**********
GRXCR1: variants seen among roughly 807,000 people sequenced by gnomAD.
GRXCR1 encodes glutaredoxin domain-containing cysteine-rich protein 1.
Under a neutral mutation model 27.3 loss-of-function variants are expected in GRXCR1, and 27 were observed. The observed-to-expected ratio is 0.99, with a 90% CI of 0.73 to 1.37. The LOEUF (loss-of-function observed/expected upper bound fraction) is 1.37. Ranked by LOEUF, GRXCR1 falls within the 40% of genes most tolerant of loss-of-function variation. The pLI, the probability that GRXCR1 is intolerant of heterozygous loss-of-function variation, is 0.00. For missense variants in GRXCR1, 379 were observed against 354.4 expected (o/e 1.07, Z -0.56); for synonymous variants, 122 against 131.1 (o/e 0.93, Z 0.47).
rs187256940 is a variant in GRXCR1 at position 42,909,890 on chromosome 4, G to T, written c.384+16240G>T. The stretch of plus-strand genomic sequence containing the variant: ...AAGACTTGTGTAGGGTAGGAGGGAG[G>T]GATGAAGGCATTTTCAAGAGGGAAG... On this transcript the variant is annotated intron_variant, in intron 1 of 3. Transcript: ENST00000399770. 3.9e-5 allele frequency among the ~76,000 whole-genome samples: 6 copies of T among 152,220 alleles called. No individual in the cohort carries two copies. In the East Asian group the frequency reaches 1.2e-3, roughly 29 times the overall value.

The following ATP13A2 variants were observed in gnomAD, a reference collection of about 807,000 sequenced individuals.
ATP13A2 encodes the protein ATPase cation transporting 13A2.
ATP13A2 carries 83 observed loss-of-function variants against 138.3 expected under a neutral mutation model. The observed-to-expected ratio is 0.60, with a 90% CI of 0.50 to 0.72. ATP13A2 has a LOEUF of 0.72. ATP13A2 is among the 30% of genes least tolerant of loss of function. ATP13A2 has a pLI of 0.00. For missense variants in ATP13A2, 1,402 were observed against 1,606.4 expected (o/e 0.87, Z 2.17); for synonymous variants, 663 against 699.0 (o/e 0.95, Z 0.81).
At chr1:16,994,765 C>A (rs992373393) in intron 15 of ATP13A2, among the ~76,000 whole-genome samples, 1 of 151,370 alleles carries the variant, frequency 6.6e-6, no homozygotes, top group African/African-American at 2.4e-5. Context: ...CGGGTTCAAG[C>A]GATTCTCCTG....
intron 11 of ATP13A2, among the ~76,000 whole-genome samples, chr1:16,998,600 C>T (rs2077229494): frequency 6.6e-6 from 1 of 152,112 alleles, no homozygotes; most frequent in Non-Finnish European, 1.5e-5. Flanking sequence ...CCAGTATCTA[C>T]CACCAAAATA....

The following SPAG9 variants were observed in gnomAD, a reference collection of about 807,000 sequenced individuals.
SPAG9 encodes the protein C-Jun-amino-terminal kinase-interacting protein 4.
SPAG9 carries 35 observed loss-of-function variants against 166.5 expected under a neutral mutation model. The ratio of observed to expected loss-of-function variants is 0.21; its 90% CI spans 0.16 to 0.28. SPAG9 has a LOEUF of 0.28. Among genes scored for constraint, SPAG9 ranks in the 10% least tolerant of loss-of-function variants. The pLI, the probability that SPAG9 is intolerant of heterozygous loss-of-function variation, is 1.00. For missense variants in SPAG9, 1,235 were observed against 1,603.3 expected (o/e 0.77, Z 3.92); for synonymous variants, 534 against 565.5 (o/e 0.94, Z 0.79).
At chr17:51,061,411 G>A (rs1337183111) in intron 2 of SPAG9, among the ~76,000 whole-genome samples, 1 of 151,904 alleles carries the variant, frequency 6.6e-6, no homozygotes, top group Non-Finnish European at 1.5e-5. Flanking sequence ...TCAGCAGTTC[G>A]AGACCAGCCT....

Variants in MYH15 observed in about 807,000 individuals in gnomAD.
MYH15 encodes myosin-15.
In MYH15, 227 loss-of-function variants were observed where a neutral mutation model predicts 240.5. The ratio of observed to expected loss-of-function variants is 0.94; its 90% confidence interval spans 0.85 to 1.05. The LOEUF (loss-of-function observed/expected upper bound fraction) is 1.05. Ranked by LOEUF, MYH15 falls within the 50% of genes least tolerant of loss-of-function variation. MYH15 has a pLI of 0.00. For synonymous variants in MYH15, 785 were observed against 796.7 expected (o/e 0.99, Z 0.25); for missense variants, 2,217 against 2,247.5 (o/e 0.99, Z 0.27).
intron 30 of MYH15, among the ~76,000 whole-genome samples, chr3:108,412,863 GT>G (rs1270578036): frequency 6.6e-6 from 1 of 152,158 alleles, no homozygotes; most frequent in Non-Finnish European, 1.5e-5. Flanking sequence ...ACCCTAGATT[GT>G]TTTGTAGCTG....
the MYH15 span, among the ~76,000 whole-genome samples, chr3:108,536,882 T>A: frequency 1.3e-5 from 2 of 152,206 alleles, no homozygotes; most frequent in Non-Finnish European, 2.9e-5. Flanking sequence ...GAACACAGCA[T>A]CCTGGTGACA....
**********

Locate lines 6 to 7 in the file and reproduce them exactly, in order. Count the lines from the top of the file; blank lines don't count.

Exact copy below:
ATP13A2 encodes the protein ATPase cation transporting 13A2.
ATP13A2 carries 83 observed loss-of-function variants against 138.3 expected under a neutral mutation model. The observed-to-expected ratio is 0.60, with a 90% CI of 0.50 to 0.72. ATP13A2 has a LOEUF of 0.72. ATP13A2 is among the 30% of genes least tolerant of loss of function. ATP13A2 has a pLI of 0.00. For missense variants in ATP13A2, 1,402 were observed against 1,606.4 expected (o/e 0.87, Z 2.17); for synonymous variants, 663 against 699.0 (o/e 0.95, Z 0.81).